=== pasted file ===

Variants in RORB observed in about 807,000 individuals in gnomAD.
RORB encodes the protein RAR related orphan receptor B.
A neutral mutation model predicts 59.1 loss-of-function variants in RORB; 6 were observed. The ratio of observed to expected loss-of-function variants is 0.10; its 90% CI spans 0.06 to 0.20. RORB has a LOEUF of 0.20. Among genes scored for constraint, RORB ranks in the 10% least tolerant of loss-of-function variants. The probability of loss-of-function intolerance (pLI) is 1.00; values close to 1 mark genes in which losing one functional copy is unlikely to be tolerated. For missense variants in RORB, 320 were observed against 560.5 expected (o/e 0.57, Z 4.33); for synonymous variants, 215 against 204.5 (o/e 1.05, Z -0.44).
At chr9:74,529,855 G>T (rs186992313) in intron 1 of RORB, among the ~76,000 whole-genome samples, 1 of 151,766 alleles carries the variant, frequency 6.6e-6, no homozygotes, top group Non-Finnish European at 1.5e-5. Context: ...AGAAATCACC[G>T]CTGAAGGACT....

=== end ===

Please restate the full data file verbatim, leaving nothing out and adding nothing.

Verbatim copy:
Variants in RORB observed in about 807,000 individuals in gnomAD.
RORB encodes the protein RAR related orphan receptor B.
A neutral mutation model predicts 59.1 loss-of-function variants in RORB; 6 were observed. The ratio of observed to expected loss-of-function variants is 0.10; its 90% CI spans 0.06 to 0.20. RORB has a LOEUF of 0.20. Among genes scored for constraint, RORB ranks in the 10% least tolerant of loss-of-function variants. The probability of loss-of-function intolerance (pLI) is 1.00; values close to 1 mark genes in which losing one functional copy is unlikely to be tolerated. For missense variants in RORB, 320 were observed against 560.5 expected (o/e 0.57, Z 4.33); for synonymous variants, 215 against 204.5 (o/e 1.05, Z -0.44).
At chr9:74,529,855 G>T (rs186992313) in intron 1 of RORB, among the ~76,000 whole-genome samples, 1 of 151,766 alleles carries the variant, frequency 6.6e-6, no homozygotes, top group Non-Finnish European at 1.5e-5. Context: ...AGAAATCACC[G>T]CTGAAGGACT....